### 1.1.6 Scheme procedures

Scheme procedures are executable scheme expressions that return a value resulting from their execution. They can also manipulate variables defined outside of the procedure.

#### Defining procedures

Procedures are defined in Scheme with define

```(define (function-name arg1 arg2 ... argn)
scheme-expression-that-gives-a-return-value)
```

For example, we could define a procedure to calculate the average:

 ```guile> (define (average x y) (/ (+ x y) 2)) guile> average # ```

Once a procedure is defined, it is called by putting the procedure name and the arguments in a list. For example, we can calculate the average of 3 and 12:

 ```guile> (average 3 12) 15/2 ```

#### Predicates

Scheme procedures that return boolean values are often called predicates. By convention (but not necessity), predicate names typically end in a question mark:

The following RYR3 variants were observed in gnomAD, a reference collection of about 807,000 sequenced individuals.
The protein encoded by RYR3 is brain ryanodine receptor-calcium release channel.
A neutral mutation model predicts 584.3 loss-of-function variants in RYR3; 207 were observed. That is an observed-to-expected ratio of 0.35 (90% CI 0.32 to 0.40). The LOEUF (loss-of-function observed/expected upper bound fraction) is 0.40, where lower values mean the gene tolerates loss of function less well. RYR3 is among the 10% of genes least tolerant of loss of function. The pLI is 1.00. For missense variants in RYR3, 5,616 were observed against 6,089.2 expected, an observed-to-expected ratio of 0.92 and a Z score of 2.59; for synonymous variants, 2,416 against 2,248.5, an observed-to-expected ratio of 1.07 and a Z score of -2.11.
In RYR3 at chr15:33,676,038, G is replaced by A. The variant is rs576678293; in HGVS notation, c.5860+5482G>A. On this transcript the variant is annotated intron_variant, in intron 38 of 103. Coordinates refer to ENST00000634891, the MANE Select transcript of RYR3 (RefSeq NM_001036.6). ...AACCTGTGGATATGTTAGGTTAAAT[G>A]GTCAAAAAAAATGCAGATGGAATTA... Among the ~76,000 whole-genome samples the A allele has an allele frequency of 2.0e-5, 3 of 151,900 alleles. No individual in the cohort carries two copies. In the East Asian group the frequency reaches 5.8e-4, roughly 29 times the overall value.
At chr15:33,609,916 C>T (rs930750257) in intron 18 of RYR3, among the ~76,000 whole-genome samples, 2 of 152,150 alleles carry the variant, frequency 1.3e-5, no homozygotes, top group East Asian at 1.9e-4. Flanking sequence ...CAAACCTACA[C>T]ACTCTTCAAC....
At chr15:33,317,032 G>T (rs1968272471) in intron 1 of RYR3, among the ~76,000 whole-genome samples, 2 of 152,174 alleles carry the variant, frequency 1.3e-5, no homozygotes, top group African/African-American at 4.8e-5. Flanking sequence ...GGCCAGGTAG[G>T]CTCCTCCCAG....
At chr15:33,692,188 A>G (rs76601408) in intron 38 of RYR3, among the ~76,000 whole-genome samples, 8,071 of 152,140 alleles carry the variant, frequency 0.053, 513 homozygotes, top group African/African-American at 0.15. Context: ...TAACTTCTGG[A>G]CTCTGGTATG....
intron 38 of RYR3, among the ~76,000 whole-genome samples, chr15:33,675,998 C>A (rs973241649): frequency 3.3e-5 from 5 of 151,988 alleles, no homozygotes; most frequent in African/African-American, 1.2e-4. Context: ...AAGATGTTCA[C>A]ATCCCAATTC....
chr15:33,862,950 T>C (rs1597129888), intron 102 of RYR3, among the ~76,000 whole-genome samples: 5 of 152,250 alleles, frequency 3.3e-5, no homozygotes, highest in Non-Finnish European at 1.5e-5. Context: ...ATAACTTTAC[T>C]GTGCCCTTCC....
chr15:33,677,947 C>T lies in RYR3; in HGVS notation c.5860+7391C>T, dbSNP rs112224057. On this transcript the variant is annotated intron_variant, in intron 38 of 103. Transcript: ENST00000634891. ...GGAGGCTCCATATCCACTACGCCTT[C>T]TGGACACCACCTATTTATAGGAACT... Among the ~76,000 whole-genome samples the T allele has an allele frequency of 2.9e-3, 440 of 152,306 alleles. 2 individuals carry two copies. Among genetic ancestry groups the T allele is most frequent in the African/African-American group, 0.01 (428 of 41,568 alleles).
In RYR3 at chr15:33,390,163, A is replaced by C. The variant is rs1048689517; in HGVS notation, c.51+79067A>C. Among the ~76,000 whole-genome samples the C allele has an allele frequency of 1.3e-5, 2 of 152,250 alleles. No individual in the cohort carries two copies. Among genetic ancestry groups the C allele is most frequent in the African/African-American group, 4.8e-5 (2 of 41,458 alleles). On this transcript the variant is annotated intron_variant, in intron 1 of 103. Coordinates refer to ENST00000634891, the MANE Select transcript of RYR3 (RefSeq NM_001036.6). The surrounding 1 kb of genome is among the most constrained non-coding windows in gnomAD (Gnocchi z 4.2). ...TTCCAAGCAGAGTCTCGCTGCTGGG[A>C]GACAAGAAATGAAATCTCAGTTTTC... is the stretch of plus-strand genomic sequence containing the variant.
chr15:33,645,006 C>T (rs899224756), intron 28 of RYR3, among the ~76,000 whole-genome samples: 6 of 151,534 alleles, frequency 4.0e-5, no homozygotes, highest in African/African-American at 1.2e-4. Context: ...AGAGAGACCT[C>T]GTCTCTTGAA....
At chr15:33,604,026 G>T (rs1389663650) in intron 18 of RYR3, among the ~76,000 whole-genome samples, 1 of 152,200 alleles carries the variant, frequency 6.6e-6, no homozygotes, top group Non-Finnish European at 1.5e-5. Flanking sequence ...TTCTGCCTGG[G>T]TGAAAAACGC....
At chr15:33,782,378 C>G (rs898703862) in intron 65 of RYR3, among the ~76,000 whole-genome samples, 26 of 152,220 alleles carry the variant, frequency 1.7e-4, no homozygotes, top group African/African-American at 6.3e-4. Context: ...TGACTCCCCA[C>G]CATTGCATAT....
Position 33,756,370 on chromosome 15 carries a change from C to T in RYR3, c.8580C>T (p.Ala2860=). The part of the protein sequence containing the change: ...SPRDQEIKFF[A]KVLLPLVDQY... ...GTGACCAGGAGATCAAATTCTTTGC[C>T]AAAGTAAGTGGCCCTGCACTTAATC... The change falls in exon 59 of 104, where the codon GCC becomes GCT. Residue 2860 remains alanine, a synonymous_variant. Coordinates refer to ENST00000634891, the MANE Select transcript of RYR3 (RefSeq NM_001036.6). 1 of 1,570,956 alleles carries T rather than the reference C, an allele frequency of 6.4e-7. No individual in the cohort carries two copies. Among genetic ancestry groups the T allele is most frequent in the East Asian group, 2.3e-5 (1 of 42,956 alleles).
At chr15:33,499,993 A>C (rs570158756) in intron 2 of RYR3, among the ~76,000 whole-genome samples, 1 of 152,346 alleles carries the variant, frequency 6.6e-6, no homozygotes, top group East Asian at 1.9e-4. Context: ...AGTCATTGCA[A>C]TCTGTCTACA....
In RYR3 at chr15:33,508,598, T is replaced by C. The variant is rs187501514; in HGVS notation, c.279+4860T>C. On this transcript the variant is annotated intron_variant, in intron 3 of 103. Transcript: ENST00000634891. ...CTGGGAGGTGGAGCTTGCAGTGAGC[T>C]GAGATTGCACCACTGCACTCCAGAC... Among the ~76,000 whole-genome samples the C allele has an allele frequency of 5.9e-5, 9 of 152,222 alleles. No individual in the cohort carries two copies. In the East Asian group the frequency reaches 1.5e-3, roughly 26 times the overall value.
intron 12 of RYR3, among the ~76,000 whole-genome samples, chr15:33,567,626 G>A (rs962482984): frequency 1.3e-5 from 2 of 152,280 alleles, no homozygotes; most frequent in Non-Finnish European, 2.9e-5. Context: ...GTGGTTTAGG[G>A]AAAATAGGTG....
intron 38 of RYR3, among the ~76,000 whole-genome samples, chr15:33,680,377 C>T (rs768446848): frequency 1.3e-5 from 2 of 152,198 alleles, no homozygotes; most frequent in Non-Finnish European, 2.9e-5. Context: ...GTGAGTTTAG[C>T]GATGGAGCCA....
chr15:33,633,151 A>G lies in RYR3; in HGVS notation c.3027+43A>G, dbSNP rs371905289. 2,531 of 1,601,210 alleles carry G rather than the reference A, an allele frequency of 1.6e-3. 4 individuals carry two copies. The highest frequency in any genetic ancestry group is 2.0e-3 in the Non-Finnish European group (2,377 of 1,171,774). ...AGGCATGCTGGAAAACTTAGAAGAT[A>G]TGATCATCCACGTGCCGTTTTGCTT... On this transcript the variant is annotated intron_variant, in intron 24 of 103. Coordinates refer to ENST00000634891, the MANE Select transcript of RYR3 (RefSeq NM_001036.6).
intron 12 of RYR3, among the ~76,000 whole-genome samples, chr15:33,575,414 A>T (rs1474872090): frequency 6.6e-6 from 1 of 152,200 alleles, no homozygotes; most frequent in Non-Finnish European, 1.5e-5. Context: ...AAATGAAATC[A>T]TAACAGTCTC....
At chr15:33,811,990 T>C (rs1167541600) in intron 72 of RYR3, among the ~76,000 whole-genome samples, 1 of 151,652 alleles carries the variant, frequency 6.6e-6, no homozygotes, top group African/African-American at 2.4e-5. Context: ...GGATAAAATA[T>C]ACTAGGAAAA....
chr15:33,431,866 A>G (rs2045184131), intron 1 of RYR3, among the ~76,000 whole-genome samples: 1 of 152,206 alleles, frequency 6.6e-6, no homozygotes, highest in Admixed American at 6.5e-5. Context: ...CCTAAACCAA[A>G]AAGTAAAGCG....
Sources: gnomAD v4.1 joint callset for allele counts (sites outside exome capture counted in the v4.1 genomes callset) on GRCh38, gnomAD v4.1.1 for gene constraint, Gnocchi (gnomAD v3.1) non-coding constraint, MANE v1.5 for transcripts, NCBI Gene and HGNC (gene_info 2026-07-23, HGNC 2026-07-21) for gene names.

```guile> (define (less-than-ten? x) (< x 10)) guile> (less-than-ten? 9) #t guile> (less-than-ten? 15) #f ```

#### Return values

Scheme procedures always return a return value, which is the value of the last expression executed in the procedure. The return value can be any valid Scheme value, including a complex data structure or a procedure.

Sometimes the user would like to have multiple Scheme expressions in a procedure. There are two ways that multiple expressions can be combined. The first is the `begin` procedure, which allows multiple expressions to be evaluated, and returns the value of the last expression.

 ```guile> (begin (+ 1 2) (- 5 8) (* 2 2)) 4 ```

The second way to combine multiple expressions is in a `let` block. In a let block, a series of bindings are created, and then a sequence of expressions that can include those bindings is evaluated. The return value of the let block is the return value of the last statement in the let block:

 ```guile> (let ((x 2) (y 3) (z 4)) (display (+ x y)) (display (- z 4)) … (+ (* x y) (/ z x))) 508 ```